I plan to look at how patriotism has evolved in the past decade through television. I want to study how television reflects the existence and perceptions of patriotism. I’ll look specifically at the late 90’s political epic The West Wing and the newly-released Netflix remake of BBC’s House of Cards, which follows a ruthless congressman connivingly struggling for power. Both shows, released a little over a decade apart, give an inside-look at the White House and the politics surrounding the White House. In one, the president is the moral leader to look to for advice. In the other, the president is the man to slyly screw over for betraying our complicated protagonist. Each show has a different style and tone and its individual perception on what it means to be patriotic.
As someone who generally isn’t very patriotic and who doesn’t tend to have faith in the power and justice of our country, it is odd to watch a show so focused on making great America greater. I must admit, however, there are beautiful moments where even I allow myself to buy into the hopeful image of the United States and American Dream The West Wing fights for. It can be inspirational. At the same time, however, it is refreshing to see the honesty of the cruel, power-hungry, ambitious, intelligent characters in House of Cards.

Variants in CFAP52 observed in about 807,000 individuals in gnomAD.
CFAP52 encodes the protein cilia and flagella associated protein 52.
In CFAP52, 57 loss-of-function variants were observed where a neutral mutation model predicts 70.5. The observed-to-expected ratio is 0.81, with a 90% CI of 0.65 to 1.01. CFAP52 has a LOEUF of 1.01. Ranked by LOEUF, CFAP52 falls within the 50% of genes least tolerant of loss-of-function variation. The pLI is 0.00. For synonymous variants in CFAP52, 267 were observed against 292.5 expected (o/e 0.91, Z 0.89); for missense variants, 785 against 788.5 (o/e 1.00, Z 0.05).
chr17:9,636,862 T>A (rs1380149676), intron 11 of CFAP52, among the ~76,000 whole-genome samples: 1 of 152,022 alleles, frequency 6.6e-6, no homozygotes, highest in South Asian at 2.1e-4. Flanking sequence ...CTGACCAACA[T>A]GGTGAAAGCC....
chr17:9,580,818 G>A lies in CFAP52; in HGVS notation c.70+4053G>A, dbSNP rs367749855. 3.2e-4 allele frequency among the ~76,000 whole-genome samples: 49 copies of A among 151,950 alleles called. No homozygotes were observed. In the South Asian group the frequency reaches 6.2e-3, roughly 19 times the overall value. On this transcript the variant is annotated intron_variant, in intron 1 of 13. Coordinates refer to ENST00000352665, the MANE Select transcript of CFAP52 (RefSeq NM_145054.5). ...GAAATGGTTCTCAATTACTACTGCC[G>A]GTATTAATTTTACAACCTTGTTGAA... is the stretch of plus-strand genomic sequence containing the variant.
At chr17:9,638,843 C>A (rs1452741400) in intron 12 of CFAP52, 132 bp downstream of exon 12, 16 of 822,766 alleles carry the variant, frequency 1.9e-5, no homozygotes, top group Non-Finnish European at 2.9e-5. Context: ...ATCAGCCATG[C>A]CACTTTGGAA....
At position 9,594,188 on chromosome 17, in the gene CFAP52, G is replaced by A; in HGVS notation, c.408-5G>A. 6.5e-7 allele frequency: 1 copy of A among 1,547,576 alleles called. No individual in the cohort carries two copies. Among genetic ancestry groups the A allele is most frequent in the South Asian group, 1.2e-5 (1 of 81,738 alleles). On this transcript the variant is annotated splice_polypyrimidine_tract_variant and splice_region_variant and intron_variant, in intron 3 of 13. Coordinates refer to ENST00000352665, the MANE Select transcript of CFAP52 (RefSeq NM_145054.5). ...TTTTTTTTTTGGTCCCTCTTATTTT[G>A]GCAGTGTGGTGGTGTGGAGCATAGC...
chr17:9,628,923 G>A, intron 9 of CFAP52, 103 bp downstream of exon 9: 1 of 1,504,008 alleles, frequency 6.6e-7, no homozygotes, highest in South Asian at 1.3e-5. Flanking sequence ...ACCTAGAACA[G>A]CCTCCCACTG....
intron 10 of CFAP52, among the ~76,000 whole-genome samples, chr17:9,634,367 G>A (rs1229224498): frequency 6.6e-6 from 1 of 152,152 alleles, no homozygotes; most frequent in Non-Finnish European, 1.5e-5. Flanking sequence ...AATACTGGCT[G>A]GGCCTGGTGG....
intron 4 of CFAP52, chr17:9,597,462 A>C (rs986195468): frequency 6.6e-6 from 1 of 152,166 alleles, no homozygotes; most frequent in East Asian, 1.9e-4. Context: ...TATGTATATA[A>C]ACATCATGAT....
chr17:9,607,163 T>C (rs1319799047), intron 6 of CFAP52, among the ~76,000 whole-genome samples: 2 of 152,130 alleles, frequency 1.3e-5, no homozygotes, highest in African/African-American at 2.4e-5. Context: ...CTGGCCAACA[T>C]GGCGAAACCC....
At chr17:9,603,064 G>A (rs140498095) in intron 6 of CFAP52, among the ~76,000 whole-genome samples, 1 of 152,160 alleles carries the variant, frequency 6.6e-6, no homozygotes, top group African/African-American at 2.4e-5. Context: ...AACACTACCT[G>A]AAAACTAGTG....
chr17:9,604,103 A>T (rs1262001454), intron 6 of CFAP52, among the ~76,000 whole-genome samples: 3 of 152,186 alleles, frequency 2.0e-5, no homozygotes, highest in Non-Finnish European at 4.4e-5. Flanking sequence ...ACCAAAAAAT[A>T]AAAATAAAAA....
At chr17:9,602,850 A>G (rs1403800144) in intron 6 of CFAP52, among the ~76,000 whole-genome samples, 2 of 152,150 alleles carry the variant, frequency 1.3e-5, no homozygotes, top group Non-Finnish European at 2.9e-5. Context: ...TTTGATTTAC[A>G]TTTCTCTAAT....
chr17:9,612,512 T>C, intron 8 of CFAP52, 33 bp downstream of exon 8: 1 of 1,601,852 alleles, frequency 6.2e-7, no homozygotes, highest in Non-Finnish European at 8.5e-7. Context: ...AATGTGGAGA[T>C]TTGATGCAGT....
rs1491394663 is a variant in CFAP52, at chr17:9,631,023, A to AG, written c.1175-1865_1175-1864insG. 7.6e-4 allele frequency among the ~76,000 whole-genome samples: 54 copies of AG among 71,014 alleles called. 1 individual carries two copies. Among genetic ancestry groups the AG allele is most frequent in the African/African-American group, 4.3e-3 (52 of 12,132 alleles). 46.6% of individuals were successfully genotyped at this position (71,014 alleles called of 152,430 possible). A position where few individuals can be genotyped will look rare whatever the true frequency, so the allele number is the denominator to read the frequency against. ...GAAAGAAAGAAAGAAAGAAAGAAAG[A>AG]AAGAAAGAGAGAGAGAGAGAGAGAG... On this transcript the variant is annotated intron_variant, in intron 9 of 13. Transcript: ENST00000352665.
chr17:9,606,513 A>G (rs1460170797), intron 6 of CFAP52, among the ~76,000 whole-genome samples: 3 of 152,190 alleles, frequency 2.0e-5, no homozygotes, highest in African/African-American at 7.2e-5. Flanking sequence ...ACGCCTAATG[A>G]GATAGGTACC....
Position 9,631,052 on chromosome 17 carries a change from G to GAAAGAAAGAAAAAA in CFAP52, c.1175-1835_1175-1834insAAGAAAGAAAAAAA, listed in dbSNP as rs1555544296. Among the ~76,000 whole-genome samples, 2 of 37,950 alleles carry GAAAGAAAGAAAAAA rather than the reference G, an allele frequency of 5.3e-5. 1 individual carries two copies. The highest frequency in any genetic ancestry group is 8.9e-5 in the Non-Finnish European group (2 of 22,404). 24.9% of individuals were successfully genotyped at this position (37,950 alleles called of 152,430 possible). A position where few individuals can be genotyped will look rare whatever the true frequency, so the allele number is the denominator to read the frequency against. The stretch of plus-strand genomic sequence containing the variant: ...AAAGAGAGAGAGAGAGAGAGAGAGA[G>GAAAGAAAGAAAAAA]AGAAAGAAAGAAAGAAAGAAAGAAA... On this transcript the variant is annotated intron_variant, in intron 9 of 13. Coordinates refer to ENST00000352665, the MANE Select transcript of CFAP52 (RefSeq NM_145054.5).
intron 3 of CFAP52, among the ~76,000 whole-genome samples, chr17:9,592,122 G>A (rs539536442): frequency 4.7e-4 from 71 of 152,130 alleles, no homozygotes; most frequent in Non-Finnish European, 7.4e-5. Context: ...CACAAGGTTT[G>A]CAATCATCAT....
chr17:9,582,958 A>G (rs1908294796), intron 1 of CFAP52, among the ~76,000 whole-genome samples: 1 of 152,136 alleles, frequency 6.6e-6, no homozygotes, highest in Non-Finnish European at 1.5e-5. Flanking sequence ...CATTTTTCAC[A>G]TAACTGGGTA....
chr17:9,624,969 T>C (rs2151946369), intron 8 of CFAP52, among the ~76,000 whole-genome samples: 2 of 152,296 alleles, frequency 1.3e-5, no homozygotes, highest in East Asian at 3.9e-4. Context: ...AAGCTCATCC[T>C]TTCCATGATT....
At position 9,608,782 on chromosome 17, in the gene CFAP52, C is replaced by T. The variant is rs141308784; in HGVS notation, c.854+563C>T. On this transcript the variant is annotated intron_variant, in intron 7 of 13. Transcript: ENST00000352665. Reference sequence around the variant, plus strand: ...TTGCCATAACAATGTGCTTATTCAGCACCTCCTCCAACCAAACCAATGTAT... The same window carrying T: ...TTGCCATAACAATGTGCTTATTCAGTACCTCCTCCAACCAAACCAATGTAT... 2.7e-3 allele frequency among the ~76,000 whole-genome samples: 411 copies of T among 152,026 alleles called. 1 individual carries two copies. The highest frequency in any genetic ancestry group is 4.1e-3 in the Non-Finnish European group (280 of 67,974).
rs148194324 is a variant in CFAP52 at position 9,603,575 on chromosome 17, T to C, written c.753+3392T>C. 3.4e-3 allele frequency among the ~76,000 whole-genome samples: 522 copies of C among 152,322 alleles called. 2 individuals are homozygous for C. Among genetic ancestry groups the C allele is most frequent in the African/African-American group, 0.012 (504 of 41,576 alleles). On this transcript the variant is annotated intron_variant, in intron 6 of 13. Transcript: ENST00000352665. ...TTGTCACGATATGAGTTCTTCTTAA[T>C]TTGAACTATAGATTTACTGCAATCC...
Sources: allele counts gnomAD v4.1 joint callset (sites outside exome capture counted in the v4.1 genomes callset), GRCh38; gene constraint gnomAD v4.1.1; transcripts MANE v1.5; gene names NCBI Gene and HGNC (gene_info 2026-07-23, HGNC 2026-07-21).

I’ll also look online—blogs, articles, comments—to find information about how people feel about patriotism, about the White House, about the US as a superpower. I want to look at what people think of the American Dream today. Does it still exist as the core hope or dream for future America? The terrorist attack on 9/11 occurred roughly in the middle of this time-frame, and I’m interested in what role it played in television. I will use television to study how—and perhaps why—patriotism has changed and the evolving perception of America’s future.